The more speculative EV stocks have performed poorly this year, but Mullen Automotive (NASDAQ:MULN) stock is one of the worst performing of them all. Adjusting for its two massive reverse stock splits over the past ten months, shares have declined by over 99.6%. That right, a near-total wipeout for anyone unfortunate to be holding this once-hot EV play at the start of 2023.
Even after such horrendous destruction of capital, don’t assume there’s limited downside risk. There’s nothing that says a stock that has declined by 99.6% can’t decline again by another 99.6%, and this may just very well happen to MULN. With this in mind, read on, as I go through the latest with this company, and why shares remain on a crash course towards zero.
What’s Happening With MULN Stock
Mullen Automotive is far from the only fledgling EV maker to tap into dilutive financing to keep the lights on/fund its development, but Mullen has relied on this funding source much more heavily than even other cash-burning EV companies like Lucid Group (NASDAQ:LCID).
As a result of selling/issuing new shares of common stock or debt convertible into common stock, the split-adjusted share count for MULN increased 80-fold between June 30, 2022 and June 30, 2023, from 2.3 million to 184.2 million. At the same time, Mullen has poorly utilized the cash raised from these stock/convertible debt sales.
Burning through much of it to sustain operating losses, Mullen has barely made progress in its efforts to bring commercial and passenger EVs to market. With the overall value of the company as an enterprise falling, at the same time the number of shares has multiplied, it’s not a mystery why a $10,000 investment in this stock last January is worth just $40 today.
Again, don’t assume that the situation can only improve from here. The EV startup continues making destructive moves, all while its shares face a delisting from the Nasdaq exchange.
More Reverse-Splits, More Losses
On Oct. 19, the company announced that it is putting a proposal to reverse-split MULN stock (on a 1-for-2 to a 1-for-100 basis) up for a shareholder vote scheduled to occur on Dec. 15. Reverse-splitting will enable MULN to avoid a Nasdaq delisting, but don’t assume this will provide a boost for shares.
In fact, reverse-splitting back to a higher price could make shares more easily shortable again. Short interest with Mullen is already high as it is, according to Fintel (28.6% of outstanding float). That’s not all. There is also a strong chance the company will engage in additional shareholder dilution.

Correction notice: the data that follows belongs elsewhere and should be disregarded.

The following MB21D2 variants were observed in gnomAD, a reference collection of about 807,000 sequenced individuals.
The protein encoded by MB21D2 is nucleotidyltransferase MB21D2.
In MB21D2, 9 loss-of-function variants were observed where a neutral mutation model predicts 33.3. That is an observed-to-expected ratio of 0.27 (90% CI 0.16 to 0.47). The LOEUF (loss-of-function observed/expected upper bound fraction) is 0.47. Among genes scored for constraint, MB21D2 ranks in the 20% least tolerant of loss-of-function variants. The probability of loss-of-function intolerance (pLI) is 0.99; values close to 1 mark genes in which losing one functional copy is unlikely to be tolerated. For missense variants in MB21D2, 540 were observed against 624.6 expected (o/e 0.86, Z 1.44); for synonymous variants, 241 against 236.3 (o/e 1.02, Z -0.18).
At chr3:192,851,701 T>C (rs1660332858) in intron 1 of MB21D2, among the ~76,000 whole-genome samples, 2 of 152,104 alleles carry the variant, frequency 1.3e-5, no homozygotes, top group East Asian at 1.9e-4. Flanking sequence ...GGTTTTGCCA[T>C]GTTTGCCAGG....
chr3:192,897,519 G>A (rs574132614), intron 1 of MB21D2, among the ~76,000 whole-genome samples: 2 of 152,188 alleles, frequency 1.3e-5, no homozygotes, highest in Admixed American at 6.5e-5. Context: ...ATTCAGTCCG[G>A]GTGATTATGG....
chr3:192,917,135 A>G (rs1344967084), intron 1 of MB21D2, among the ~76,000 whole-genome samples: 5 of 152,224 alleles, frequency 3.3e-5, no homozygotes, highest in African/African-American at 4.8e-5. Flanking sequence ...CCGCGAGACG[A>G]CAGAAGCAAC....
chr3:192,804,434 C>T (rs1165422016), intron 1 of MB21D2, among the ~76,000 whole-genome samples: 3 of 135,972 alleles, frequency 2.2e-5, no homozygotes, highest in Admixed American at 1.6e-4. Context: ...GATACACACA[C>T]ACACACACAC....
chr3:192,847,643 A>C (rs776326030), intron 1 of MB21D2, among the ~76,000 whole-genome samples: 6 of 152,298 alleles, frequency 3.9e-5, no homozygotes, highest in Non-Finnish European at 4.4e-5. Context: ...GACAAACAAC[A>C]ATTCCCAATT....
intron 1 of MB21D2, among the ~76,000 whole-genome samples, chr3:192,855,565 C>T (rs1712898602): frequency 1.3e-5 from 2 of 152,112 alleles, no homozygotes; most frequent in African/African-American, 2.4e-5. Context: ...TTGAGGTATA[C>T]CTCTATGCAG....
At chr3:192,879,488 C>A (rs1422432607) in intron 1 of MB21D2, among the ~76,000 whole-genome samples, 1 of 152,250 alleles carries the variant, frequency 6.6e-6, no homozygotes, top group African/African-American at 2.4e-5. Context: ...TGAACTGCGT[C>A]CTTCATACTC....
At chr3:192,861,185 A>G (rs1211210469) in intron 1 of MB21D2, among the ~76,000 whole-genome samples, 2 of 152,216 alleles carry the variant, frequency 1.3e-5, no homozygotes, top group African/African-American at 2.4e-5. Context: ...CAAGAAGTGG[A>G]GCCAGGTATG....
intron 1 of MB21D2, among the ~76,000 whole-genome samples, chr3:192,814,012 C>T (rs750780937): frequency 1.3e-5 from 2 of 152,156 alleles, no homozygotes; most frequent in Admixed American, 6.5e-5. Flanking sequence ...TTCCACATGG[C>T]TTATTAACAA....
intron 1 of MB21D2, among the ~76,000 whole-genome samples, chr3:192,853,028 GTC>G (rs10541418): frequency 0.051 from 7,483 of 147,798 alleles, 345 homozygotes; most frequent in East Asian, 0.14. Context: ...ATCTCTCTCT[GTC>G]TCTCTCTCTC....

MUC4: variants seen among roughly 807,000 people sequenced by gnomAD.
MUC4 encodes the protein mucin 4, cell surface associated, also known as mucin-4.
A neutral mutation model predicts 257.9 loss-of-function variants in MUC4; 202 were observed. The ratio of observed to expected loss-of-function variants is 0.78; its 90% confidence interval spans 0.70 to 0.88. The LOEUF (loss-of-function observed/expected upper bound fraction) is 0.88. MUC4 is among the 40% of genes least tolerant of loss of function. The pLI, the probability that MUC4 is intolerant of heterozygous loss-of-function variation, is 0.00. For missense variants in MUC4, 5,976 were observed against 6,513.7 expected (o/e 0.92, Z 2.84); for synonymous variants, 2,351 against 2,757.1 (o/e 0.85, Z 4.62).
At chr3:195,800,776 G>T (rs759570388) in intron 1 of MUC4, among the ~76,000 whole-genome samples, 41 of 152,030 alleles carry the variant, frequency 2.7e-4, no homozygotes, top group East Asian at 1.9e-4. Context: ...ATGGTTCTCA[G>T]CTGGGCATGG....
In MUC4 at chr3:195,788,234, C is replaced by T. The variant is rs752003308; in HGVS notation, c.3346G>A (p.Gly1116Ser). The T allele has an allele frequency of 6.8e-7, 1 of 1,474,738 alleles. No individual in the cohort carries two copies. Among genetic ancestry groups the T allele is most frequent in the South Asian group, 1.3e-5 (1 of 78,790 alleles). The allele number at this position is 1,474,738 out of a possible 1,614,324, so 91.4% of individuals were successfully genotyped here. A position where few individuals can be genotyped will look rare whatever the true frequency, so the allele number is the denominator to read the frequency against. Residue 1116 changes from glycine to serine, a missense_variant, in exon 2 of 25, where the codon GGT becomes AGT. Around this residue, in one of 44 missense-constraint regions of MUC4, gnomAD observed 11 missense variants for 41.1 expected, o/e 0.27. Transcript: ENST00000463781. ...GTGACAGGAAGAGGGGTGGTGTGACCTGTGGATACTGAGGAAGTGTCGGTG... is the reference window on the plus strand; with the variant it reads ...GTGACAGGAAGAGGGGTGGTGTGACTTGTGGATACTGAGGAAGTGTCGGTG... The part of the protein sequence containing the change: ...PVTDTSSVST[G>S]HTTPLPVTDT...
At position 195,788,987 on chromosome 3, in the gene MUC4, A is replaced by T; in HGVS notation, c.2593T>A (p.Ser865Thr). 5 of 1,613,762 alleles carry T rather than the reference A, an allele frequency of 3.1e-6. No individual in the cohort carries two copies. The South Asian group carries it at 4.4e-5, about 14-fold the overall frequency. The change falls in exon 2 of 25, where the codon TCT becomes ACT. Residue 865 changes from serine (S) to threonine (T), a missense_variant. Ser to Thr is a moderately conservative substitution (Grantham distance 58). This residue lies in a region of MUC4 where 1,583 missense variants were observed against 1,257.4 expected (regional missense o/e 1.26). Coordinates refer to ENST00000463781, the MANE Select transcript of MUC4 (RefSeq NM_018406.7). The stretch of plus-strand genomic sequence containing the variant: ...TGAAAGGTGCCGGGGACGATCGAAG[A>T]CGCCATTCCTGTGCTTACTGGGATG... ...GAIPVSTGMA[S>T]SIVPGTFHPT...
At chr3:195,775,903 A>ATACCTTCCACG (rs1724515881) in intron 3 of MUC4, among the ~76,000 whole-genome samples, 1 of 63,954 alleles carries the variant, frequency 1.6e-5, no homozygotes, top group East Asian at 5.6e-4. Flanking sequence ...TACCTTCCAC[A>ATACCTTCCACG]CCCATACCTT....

As Investing.com reported on Oct. 24, Mullen continues to charge ahead, on both its efforts to ramp up commercial EV production/sales, as well as its efforts to bring a passenger EV (the Mullen FIVE) to market.Back in June, Mullen reported having $235 million in cash on hand.
Given the high upfront costs of building out EV production infrastructure, chances are this will not be enough to sustain itself until it hits the self-funding stage. Additional capital raises are likely. Alongside a reverse-split, this could drive more losses for MULN investors.
If the aforementioned reverse-split/dilution scenario sounds bleak, keep in mind that is the “best case scenario” for Mullen. Without a reverse-split, MULN will move down to the over-the-counter market. This will reduce access to the stock by retail investors, pushing it to lower prices.
To keep on charging ahead, the company needs to continue diluting shareholders to raise the necessary growth capital, but what happens if it can’t even attract new capital?
As Morgan Stanley’s Adam Jonas has argued, a recent event with another fledgling company in the EV space suggests outside capital for this industry is drying up. Barring additional infusions of cash, Mullen is likely to experience the same fate as Lordstown Motors (OTCMKTS:RIDEQ), another EV flameout.
Likely to keep cratering towards zero, there’s much else to say about MULN stock, except “stay away.”
MULN stock earns an F rating in Portfolio Grader.
On the date of publication, neither Louis Navellier nor the InvestorPlace Research Staff member primarily responsible for this article held (either directly or indirectly) any positions in the securities mentioned in this article.